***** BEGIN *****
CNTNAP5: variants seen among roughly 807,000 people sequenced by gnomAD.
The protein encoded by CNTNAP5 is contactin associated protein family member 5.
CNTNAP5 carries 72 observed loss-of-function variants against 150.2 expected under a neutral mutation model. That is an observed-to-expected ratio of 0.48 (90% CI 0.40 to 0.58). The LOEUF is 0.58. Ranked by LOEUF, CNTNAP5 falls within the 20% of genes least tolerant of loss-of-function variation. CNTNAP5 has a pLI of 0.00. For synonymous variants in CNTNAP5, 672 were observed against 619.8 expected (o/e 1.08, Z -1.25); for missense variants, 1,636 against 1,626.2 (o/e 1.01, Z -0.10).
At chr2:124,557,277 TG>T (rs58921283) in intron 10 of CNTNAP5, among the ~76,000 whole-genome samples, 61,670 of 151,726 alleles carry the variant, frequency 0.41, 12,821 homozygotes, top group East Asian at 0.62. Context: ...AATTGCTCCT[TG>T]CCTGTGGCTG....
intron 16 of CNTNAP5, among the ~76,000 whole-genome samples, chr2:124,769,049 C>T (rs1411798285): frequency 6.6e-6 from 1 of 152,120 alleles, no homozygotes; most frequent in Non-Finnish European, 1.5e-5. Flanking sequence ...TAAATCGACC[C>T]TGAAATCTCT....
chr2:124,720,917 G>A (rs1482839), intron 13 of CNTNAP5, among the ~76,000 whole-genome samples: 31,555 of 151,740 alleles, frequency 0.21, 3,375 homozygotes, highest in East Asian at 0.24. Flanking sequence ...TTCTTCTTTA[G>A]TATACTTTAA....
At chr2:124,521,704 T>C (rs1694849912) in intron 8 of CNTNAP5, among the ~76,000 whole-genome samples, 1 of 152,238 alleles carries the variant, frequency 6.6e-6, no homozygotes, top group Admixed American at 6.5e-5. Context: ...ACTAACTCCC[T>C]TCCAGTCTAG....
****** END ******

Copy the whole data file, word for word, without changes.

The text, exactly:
CNTNAP5: variants seen among roughly 807,000 people sequenced by gnomAD.
The protein encoded by CNTNAP5 is contactin associated protein family member 5.
CNTNAP5 carries 72 observed loss-of-function variants against 150.2 expected under a neutral mutation model. That is an observed-to-expected ratio of 0.48 (90% CI 0.40 to 0.58). The LOEUF is 0.58. Ranked by LOEUF, CNTNAP5 falls within the 20% of genes least tolerant of loss-of-function variation. CNTNAP5 has a pLI of 0.00. For synonymous variants in CNTNAP5, 672 were observed against 619.8 expected (o/e 1.08, Z -1.25); for missense variants, 1,636 against 1,626.2 (o/e 1.01, Z -0.10).
At chr2:124,557,277 TG>T (rs58921283) in intron 10 of CNTNAP5, among the ~76,000 whole-genome samples, 61,670 of 151,726 alleles carry the variant, frequency 0.41, 12,821 homozygotes, top group East Asian at 0.62. Context: ...AATTGCTCCT[TG>T]CCTGTGGCTG....
intron 16 of CNTNAP5, among the ~76,000 whole-genome samples, chr2:124,769,049 C>T (rs1411798285): frequency 6.6e-6 from 1 of 152,120 alleles, no homozygotes; most frequent in Non-Finnish European, 1.5e-5. Flanking sequence ...TAAATCGACC[C>T]TGAAATCTCT....
chr2:124,720,917 G>A (rs1482839), intron 13 of CNTNAP5, among the ~76,000 whole-genome samples: 31,555 of 151,740 alleles, frequency 0.21, 3,375 homozygotes, highest in East Asian at 0.24. Flanking sequence ...TTCTTCTTTA[G>A]TATACTTTAA....
At chr2:124,521,704 T>C (rs1694849912) in intron 8 of CNTNAP5, among the ~76,000 whole-genome samples, 1 of 152,238 alleles carries the variant, frequency 6.6e-6, no homozygotes, top group Admixed American at 6.5e-5. Context: ...ACTAACTCCC[T>C]TCCAGTCTAG....